Timber framing is a nearly obsolete system for creating the structural skeleton of a house. (It still appears in today’s “timber” or post-and-beam houses, albeit with a reliance now on metal fasteners.) Timber framing was used in Europe since medieval times, and is the basis for English half-timbered houses (where the structural timbers show on the filled and stuccoed exterior). In a timber-frame building, the entire weight is carried by massive beams and posts; wall sheathing is just a curtain to keep out the elements. Timber framing was the basic technique for building wooden houses in the U.S. from the 1600s until the middle of the 19th century.
The timber frame was hand hewn. In the early days, all of the framing timbers were felled and squared up by hand. Even after the advent of power sawmills made it possible to make square timbers by machine, all of the notching for the rather sophisticated joinery was still done by hand. Housewrights would develop their own special cuts for making joints and connecting timbers; the old houses have ingenious combinations of mortises and tenons, dovetails, and other joints.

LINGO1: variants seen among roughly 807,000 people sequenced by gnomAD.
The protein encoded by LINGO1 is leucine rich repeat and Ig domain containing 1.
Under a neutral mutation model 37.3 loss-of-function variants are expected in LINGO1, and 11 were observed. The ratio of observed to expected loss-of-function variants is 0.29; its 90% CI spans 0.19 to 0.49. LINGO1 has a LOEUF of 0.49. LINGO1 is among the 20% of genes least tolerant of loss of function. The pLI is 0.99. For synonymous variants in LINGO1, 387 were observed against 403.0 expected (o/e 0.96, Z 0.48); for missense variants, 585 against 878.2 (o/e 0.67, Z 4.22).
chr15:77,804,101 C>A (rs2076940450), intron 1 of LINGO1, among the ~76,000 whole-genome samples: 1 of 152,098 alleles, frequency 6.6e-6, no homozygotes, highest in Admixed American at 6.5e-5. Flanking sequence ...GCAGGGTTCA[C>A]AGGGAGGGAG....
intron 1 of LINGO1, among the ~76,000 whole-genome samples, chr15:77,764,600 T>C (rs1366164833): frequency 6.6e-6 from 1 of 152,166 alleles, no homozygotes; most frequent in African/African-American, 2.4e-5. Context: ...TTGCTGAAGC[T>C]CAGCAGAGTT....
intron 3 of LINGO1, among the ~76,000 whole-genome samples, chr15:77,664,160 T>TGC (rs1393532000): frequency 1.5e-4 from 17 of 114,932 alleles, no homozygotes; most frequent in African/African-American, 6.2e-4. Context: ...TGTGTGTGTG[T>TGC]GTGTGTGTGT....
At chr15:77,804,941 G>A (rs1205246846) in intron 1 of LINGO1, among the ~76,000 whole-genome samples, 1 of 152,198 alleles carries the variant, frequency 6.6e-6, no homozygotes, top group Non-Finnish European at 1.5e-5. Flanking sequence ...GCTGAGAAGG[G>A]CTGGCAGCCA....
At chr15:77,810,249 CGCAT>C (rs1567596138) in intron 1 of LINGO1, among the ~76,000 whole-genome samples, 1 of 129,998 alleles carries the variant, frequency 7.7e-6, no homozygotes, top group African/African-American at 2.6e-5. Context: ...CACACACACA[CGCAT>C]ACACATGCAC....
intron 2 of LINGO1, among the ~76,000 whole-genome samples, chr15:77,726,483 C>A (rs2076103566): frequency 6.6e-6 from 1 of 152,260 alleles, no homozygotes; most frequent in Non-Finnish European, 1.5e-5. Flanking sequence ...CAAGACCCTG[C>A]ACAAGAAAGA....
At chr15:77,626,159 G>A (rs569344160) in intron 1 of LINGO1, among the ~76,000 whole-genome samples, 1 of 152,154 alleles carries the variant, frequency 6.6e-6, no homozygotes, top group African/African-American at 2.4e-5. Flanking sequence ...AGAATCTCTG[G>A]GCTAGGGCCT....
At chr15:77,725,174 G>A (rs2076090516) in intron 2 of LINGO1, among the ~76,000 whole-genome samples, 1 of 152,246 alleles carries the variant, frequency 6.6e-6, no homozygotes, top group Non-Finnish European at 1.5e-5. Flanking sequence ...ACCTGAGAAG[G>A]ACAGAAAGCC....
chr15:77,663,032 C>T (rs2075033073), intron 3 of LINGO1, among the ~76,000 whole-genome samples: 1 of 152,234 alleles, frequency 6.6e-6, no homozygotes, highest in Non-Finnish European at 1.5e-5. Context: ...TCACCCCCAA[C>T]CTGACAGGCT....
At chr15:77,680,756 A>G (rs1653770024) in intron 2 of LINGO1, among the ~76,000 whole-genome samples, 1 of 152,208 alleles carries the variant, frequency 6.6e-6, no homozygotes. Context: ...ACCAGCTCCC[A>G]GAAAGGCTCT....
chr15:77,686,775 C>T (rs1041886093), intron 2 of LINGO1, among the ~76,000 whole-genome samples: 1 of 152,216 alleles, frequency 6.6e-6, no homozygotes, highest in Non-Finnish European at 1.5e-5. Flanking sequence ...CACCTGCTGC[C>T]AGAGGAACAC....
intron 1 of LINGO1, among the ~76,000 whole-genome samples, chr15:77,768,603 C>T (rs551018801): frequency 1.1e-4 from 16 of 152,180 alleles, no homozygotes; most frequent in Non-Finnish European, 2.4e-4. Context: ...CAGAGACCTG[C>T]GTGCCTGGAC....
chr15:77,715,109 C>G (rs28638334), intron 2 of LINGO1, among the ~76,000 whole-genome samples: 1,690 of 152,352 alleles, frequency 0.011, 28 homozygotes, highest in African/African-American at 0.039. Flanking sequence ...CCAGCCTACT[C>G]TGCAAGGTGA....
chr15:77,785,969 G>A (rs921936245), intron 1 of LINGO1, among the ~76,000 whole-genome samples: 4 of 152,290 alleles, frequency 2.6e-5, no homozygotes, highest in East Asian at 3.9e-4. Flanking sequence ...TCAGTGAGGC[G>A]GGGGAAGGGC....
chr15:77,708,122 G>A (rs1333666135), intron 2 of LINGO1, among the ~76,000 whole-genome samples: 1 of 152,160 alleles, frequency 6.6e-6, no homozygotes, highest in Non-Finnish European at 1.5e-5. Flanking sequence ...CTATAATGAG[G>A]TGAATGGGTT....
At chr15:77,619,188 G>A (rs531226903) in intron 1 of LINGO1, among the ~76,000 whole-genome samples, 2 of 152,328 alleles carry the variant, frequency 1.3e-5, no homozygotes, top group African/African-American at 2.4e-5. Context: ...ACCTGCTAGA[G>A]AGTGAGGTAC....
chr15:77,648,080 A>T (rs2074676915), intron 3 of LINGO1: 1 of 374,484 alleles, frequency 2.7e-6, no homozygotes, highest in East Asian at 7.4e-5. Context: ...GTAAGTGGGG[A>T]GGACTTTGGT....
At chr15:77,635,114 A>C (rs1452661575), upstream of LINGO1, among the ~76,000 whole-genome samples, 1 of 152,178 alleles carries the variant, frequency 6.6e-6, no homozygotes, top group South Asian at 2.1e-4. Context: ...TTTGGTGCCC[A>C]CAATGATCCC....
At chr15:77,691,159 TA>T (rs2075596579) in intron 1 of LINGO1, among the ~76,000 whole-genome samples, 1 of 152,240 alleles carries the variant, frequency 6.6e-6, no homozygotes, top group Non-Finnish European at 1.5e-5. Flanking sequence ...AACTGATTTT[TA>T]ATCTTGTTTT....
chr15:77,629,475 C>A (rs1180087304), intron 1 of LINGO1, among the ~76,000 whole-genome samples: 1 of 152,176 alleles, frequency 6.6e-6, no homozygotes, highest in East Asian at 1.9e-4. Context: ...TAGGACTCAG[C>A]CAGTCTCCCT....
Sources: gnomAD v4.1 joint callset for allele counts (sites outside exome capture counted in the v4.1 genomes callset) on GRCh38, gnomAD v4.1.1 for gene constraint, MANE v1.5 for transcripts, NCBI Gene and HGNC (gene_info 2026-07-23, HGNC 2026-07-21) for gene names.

It’s impossible to tell from the exterior whether a house is an early timber frame. But there are telltale signs inside. The posts and summer (i.e., large, central) beams are so big they often protrude from walls and ceilings. These massive timbers were often encased in smooth planed boards with beaded edges. Later generations of “restorers” typically removed the casing to expose the rough framing timbers, a practice that may have horrified some fastidious early occupants.
The timber frame made a strong and durable house. However, the advent of lighter balloon framing (using machine-sawn lumber and iron nails) made the old practice seem expensive and it quickly fell out of favor with builders. Timber framing has been a popular subset of custom new construction since the 1970s.
Half-timbering refers to a structure with a frame of load-bearing timbers, creating spaces between the timbers called panels, which are then filled in with a non-structural material. The infill is known by different terms in different building traditions (fachwerk, bousillage, etc.), and is typically parged or stuccoed over. But the large framing timbers often are left exposed on the exterior. Revival houses of the 20th century have decorative “timbers” that were applied to the face of a modern stick frame.